St Mark’s Square is Venice’s premier attraction (Getty/iStockphoto)

For food, good value for the area is charming Da Mamo Trattoria Pizzeria (Calle dei Stagneri O de la Fava).

The Jewish ghetto

Simply avoiding the ultra-touristy Rialto and St Mark’s areas and walking aimlessly around the quieter, cheaper, more authentic outer districts (such as Cannaregio and Dorsoduro) is one of Venice’s greatest pleasures.

A particularly delightful neighbourhood to discover is the tranquil Jewish ghetto, which originated in 1516 and centred upon the square of Campo del Ghetto Nuovo. This peaceful spot gives little idea of the overcrowding and hardship experienced in its former years.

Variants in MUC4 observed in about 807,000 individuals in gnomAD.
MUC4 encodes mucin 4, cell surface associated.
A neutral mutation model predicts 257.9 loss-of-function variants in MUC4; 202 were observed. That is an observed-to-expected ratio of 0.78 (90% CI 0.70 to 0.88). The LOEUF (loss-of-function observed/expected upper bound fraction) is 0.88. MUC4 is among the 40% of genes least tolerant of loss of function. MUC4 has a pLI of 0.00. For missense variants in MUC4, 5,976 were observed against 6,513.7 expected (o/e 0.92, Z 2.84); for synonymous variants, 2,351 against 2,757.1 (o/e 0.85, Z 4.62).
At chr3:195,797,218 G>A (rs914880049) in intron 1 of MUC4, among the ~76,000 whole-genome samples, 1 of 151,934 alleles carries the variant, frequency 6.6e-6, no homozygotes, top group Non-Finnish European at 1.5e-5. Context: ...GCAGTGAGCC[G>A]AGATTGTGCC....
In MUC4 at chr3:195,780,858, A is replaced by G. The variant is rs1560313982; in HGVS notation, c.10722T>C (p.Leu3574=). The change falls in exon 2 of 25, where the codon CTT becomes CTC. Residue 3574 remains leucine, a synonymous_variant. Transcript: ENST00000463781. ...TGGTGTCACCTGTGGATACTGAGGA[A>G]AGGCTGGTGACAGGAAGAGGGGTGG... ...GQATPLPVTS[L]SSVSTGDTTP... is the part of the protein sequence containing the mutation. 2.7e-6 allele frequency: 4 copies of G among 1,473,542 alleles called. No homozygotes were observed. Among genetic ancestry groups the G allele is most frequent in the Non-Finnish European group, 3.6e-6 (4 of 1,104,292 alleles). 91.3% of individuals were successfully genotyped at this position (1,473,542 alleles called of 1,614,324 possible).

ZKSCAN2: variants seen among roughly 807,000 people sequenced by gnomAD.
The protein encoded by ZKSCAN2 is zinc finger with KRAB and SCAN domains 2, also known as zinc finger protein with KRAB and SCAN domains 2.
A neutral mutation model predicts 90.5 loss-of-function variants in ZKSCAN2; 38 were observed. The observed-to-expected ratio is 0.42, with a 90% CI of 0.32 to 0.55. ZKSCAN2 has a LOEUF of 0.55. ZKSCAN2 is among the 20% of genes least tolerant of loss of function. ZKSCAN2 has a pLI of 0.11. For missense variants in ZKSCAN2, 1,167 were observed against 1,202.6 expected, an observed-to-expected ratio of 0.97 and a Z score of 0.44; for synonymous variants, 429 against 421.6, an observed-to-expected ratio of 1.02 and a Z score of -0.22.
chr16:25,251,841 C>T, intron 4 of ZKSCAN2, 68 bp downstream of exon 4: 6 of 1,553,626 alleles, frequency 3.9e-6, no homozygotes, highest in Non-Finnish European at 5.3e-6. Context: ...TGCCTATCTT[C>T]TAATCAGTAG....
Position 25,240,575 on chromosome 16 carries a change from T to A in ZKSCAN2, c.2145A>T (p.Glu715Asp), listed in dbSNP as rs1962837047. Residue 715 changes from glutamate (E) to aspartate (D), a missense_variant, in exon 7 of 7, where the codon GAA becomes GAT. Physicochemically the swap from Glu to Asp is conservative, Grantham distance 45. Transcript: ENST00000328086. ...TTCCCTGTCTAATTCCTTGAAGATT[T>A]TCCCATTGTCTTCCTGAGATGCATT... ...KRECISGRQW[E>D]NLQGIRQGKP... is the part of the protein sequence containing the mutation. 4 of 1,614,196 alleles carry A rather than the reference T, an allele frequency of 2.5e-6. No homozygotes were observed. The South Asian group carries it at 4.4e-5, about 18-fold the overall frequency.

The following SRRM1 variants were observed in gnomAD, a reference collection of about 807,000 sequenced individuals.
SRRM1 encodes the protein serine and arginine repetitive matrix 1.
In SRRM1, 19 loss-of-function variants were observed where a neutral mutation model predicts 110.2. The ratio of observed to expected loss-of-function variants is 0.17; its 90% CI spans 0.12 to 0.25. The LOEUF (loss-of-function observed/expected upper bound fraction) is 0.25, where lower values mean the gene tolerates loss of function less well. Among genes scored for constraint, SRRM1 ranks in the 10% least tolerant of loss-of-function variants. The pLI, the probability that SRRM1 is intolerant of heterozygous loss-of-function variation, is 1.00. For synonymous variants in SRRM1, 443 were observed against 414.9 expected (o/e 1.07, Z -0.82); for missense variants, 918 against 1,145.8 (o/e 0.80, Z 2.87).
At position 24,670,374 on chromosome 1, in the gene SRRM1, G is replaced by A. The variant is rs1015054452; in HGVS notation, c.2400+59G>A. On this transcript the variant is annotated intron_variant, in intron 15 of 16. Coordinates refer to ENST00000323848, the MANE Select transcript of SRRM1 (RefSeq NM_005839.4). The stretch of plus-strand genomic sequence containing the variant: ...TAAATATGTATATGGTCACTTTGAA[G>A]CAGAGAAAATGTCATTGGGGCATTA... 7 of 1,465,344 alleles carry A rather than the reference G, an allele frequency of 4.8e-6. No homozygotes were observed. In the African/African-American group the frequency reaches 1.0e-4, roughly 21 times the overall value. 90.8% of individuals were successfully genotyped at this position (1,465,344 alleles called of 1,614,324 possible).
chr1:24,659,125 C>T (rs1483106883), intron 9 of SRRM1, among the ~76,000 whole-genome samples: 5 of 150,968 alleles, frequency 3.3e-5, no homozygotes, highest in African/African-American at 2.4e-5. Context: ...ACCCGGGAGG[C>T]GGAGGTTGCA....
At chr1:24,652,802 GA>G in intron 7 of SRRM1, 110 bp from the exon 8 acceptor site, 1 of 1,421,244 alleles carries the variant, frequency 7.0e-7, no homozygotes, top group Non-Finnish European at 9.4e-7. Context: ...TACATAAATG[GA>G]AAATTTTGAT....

It’s peppered with little art galleries (free to enter), sleepy cafes, historic synagogues – and no souvenir shops in sight. Unpretentious kosher restaurant Gam Gam has keenly priced fab food.

Historic market

Come early to the atmospheric Mercato di Rialto (Getty)

The lively market, Mercato di Rialto, established near the tourist-saturated Rialto Bridge in 1097, is worth visiting early morning to see fish being unloaded from the boats and colourful displays of meat, spices, vegetables and fruits too. Some vendors may offer free samples.

It winds down around 1pm, and is closed on Sundays and Mondays.

Music museum

The free-to-enter Museo della Musica houses a collection of instruments and an exhibit on violin making. It’s located within San Maurizio church, with an impressive display of beautiful antique instruments including harps, mandolins, lutes and violins, and a display of a workshop with the tools used for constructing them. Good notes in English accompany the displays, and this tranquil retreat, with soothing Vivaldi playing in the background, is a very welcomed respite from the bustle outside.